An excerpt from www.HouseOfNames.com archives copyright © 2000 - 2016
The ancient Anglo-Saxon surname Grimwald came from the baptismal name for the son of Grimward.
The surname Grimwald was first found in Lancashire where they held a family seat from very ancient times, some say well before the Norman Conquest and the arrival of Duke William at Hastings in 1066 A.D.
Sound was what guided spelling in the essentially pre-literate Middle Ages, so one person's name was often recorded under several variations during a single lifetime. Also, before the advent of the printing press and the first dictionaries, the English language was not standardized. Therefore, spelling variations were common, even among the names of the most literate people. Known variations of the Grimwald family name include Grimwood, Grimwade and others.
This web page shows only a small excerpt of our Grimwald research. Another 300 words (21 lines of text) covering the year 1247 is included under the topic Early Grimwald History in all our PDF Extended History products.
More information is included under the topic Early Grimwald Notables in all our PDF Extended History products.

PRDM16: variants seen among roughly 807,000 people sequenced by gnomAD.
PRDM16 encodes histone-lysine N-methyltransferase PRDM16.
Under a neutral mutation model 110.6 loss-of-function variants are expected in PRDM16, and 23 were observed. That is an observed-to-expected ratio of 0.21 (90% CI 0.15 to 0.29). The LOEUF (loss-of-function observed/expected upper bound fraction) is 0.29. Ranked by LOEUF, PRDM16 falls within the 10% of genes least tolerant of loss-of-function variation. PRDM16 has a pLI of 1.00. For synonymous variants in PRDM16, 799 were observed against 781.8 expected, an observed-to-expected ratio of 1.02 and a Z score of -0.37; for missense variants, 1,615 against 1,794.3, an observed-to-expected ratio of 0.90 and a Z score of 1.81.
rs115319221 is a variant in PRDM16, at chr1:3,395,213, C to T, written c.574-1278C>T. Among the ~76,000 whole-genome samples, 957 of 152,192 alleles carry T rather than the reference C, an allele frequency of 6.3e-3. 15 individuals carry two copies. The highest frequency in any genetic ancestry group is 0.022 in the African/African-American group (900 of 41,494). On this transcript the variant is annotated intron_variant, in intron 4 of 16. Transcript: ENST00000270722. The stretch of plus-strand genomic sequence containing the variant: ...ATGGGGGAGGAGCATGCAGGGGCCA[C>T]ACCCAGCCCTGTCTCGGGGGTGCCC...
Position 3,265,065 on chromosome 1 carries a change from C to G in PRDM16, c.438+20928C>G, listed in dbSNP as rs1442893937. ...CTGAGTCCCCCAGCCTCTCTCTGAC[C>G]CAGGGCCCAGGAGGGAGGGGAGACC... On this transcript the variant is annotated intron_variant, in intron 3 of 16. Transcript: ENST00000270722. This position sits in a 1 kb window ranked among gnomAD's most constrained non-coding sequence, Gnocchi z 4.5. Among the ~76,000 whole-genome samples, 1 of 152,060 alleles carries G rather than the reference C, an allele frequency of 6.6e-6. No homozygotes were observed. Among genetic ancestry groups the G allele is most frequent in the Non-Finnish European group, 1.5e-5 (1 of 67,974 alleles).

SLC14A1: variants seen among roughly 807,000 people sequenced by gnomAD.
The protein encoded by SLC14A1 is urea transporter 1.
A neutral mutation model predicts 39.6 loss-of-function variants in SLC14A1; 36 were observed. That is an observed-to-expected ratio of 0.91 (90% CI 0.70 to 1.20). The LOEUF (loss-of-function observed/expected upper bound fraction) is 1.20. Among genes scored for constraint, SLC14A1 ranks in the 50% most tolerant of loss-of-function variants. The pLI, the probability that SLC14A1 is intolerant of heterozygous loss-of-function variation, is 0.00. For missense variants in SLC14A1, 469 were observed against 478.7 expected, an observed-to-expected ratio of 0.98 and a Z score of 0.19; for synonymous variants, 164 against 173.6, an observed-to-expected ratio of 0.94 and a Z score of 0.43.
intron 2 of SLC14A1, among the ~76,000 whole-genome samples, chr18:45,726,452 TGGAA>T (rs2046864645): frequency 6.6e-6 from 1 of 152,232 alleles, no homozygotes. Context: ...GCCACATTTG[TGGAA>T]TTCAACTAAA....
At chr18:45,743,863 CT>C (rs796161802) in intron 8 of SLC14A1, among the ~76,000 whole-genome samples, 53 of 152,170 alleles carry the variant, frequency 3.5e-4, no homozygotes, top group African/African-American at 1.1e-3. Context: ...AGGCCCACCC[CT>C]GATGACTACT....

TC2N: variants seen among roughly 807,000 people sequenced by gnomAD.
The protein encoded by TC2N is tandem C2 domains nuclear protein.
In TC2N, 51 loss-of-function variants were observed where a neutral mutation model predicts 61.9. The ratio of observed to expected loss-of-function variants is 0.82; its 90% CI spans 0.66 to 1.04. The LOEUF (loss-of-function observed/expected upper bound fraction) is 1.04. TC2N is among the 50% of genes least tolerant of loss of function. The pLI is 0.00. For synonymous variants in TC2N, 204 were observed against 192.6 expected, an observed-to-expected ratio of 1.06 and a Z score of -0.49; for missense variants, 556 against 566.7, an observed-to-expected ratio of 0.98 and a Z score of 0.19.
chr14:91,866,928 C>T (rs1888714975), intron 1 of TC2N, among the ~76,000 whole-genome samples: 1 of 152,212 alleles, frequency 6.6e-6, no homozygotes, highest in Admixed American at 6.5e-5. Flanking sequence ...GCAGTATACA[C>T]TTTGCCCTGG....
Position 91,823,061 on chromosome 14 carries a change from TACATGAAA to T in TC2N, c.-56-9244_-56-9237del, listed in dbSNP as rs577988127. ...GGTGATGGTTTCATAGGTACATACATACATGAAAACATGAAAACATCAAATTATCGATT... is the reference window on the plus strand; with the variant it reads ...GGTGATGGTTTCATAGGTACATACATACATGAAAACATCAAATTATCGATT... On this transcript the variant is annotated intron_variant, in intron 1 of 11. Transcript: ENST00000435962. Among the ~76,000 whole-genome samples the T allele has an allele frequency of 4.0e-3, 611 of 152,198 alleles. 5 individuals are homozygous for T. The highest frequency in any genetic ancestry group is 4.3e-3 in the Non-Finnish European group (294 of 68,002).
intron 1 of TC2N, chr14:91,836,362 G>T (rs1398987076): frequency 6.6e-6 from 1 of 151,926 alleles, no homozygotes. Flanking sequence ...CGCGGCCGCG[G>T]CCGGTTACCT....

For political, religious, and economic reasons, thousands of English families boarded ships for Ireland, the Canadas, the America colonies, and many of smaller tropical colonies in the hope of finding better lives abroad. Although the passage on the cramped, dank ships caused many to arrive in the New World diseased and starving, those families that survived the trip often went on to make valuable contributions to those new societies to which they arrived. Early immigrants bearing the Grimwald surname or a spelling variation of the name include: William Grimwood arrived in Philadelphia in 1865.
The motto was originally a war cry or slogan. Mottoes first began to be shown with arms in the 14th and 15th centuries, but were not in general use until the 17th century. Thus the oldest coats of arms generally do not include a motto. Mottoes seldom form part of the grant of arms: Under most heraldic authorities, a motto is an optional component of the coat of arms, and can be added to or changed at will; many families have chosen not to display a motto.
Motto: Auxilio divino
Motto Translation: By divine aid.
The Grimwald Family Crest was acquired from the Houseofnames.com archives. The Grimwald Family Crest was drawn according to heraldic standards based on published blazons. We generally include the oldest published family crest once associated with each surname.
This page was last modified on 27 October 2010 at 13:37.